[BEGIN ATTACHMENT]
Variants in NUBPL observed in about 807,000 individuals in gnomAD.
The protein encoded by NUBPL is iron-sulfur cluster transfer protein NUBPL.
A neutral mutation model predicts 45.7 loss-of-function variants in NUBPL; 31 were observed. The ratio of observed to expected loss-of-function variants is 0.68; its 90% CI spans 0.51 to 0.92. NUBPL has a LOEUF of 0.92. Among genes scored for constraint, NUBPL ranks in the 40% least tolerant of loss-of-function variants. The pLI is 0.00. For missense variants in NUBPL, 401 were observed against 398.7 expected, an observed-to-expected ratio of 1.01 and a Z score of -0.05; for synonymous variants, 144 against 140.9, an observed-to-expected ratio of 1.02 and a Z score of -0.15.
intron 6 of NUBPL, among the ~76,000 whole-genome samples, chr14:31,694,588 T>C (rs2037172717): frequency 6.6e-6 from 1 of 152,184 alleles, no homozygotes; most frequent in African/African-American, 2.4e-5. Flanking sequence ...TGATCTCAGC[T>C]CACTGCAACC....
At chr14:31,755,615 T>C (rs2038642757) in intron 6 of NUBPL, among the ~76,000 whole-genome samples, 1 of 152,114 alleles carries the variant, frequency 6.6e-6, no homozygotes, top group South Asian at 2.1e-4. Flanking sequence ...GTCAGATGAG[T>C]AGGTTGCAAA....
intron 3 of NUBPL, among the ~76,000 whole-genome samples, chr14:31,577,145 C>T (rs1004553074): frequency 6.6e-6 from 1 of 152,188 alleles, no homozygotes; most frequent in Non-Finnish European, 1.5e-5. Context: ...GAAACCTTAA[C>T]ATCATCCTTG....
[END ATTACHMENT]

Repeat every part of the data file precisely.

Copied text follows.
Variants in NUBPL observed in about 807,000 individuals in gnomAD.
The protein encoded by NUBPL is iron-sulfur cluster transfer protein NUBPL.
A neutral mutation model predicts 45.7 loss-of-function variants in NUBPL; 31 were observed. The ratio of observed to expected loss-of-function variants is 0.68; its 90% CI spans 0.51 to 0.92. NUBPL has a LOEUF of 0.92. Among genes scored for constraint, NUBPL ranks in the 40% least tolerant of loss-of-function variants. The pLI is 0.00. For missense variants in NUBPL, 401 were observed against 398.7 expected, an observed-to-expected ratio of 1.01 and a Z score of -0.05; for synonymous variants, 144 against 140.9, an observed-to-expected ratio of 1.02 and a Z score of -0.15.
intron 6 of NUBPL, among the ~76,000 whole-genome samples, chr14:31,694,588 T>C (rs2037172717): frequency 6.6e-6 from 1 of 152,184 alleles, no homozygotes; most frequent in African/African-American, 2.4e-5. Flanking sequence ...TGATCTCAGC[T>C]CACTGCAACC....
At chr14:31,755,615 T>C (rs2038642757) in intron 6 of NUBPL, among the ~76,000 whole-genome samples, 1 of 152,114 alleles carries the variant, frequency 6.6e-6, no homozygotes, top group South Asian at 2.1e-4. Flanking sequence ...GTCAGATGAG[T>C]AGGTTGCAAA....
intron 3 of NUBPL, among the ~76,000 whole-genome samples, chr14:31,577,145 C>T (rs1004553074): frequency 6.6e-6 from 1 of 152,188 alleles, no homozygotes; most frequent in Non-Finnish European, 1.5e-5. Context: ...GAAACCTTAA[C>T]ATCATCCTTG....